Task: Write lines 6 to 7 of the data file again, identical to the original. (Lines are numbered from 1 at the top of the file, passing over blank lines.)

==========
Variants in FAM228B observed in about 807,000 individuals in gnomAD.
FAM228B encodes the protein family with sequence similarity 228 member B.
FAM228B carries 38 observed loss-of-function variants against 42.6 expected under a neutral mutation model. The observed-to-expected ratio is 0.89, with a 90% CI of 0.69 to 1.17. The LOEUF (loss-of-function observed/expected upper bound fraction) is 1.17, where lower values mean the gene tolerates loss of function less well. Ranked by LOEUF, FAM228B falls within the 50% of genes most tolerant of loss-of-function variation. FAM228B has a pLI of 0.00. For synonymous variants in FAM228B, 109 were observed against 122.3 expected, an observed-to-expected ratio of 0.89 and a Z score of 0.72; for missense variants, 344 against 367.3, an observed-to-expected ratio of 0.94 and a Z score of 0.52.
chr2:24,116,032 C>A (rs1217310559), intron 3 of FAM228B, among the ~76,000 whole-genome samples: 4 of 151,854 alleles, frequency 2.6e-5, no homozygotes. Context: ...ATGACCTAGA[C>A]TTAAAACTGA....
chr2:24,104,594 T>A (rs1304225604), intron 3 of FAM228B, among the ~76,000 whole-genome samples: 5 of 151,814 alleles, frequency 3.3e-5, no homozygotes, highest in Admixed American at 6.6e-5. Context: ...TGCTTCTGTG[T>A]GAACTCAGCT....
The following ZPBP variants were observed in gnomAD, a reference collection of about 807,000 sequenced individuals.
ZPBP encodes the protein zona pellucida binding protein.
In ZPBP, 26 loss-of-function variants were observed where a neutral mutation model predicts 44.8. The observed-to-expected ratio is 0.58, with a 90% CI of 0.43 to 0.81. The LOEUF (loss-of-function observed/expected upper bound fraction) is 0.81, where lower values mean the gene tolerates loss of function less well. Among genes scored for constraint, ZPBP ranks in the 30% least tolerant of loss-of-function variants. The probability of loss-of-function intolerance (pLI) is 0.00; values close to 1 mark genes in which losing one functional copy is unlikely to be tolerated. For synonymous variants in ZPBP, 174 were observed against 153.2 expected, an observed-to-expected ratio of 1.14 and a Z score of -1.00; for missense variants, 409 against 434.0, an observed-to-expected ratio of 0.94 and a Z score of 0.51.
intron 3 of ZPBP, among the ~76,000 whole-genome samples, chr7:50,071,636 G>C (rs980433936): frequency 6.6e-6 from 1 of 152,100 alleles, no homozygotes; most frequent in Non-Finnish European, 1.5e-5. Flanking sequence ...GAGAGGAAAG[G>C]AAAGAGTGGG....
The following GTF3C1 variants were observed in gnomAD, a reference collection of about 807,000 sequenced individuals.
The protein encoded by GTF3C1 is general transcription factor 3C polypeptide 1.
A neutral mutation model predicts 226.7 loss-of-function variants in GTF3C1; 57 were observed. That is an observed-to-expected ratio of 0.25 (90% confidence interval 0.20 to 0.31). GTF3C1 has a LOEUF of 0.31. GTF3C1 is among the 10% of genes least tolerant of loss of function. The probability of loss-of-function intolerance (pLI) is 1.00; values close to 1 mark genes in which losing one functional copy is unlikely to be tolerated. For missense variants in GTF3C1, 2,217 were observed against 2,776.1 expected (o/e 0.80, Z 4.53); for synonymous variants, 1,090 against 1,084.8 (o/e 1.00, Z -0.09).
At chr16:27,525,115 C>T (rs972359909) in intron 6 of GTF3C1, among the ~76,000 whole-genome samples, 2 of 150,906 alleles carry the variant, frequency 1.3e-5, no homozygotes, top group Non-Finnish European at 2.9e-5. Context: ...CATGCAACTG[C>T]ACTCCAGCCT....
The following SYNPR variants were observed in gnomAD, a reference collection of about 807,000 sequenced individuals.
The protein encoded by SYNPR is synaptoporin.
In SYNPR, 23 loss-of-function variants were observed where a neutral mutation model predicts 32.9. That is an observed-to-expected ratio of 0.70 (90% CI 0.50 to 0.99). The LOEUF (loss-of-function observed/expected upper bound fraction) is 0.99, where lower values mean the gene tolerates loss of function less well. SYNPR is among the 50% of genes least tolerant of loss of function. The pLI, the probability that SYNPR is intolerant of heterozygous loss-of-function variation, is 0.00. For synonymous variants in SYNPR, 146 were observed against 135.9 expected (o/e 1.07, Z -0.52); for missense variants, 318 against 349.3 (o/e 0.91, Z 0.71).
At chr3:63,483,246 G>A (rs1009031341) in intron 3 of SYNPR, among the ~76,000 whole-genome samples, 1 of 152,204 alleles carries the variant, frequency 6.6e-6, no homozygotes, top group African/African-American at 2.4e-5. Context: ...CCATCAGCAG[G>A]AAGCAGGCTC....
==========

The following ZPBP variants were observed in gnomAD, a reference collection of about 807,000 sequenced individuals.
ZPBP encodes the protein zona pellucida binding protein.